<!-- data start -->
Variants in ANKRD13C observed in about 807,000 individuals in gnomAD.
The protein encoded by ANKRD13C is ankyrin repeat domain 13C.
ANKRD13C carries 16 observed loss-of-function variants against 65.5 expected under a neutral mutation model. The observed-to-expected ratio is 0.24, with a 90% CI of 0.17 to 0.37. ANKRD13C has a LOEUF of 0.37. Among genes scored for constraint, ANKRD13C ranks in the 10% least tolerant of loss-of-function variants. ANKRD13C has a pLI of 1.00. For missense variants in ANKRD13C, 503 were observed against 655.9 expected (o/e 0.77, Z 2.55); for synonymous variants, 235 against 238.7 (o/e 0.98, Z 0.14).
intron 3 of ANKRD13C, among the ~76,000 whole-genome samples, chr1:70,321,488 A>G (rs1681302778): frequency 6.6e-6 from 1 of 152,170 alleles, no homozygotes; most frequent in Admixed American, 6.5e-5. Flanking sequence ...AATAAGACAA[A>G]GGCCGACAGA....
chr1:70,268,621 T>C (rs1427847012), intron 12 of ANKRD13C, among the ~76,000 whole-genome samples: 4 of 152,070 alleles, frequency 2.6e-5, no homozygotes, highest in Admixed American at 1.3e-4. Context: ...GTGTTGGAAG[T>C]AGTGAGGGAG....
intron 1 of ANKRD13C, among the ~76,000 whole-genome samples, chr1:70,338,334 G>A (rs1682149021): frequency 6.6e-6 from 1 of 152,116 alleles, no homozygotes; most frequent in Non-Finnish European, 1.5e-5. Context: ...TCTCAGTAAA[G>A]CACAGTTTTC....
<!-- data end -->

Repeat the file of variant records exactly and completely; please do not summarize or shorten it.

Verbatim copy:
Variants in ANKRD13C observed in about 807,000 individuals in gnomAD.
The protein encoded by ANKRD13C is ankyrin repeat domain 13C.
ANKRD13C carries 16 observed loss-of-function variants against 65.5 expected under a neutral mutation model. The observed-to-expected ratio is 0.24, with a 90% CI of 0.17 to 0.37. ANKRD13C has a LOEUF of 0.37. Among genes scored for constraint, ANKRD13C ranks in the 10% least tolerant of loss-of-function variants. ANKRD13C has a pLI of 1.00. For missense variants in ANKRD13C, 503 were observed against 655.9 expected (o/e 0.77, Z 2.55); for synonymous variants, 235 against 238.7 (o/e 0.98, Z 0.14).
intron 3 of ANKRD13C, among the ~76,000 whole-genome samples, chr1:70,321,488 A>G (rs1681302778): frequency 6.6e-6 from 1 of 152,170 alleles, no homozygotes; most frequent in Admixed American, 6.5e-5. Flanking sequence ...AATAAGACAA[A>G]GGCCGACAGA....
chr1:70,268,621 T>C (rs1427847012), intron 12 of ANKRD13C, among the ~76,000 whole-genome samples: 4 of 152,070 alleles, frequency 2.6e-5, no homozygotes, highest in Admixed American at 1.3e-4. Context: ...GTGTTGGAAG[T>C]AGTGAGGGAG....
intron 1 of ANKRD13C, among the ~76,000 whole-genome samples, chr1:70,338,334 G>A (rs1682149021): frequency 6.6e-6 from 1 of 152,116 alleles, no homozygotes; most frequent in Non-Finnish European, 1.5e-5. Context: ...TCTCAGTAAA[G>A]CACAGTTTTC....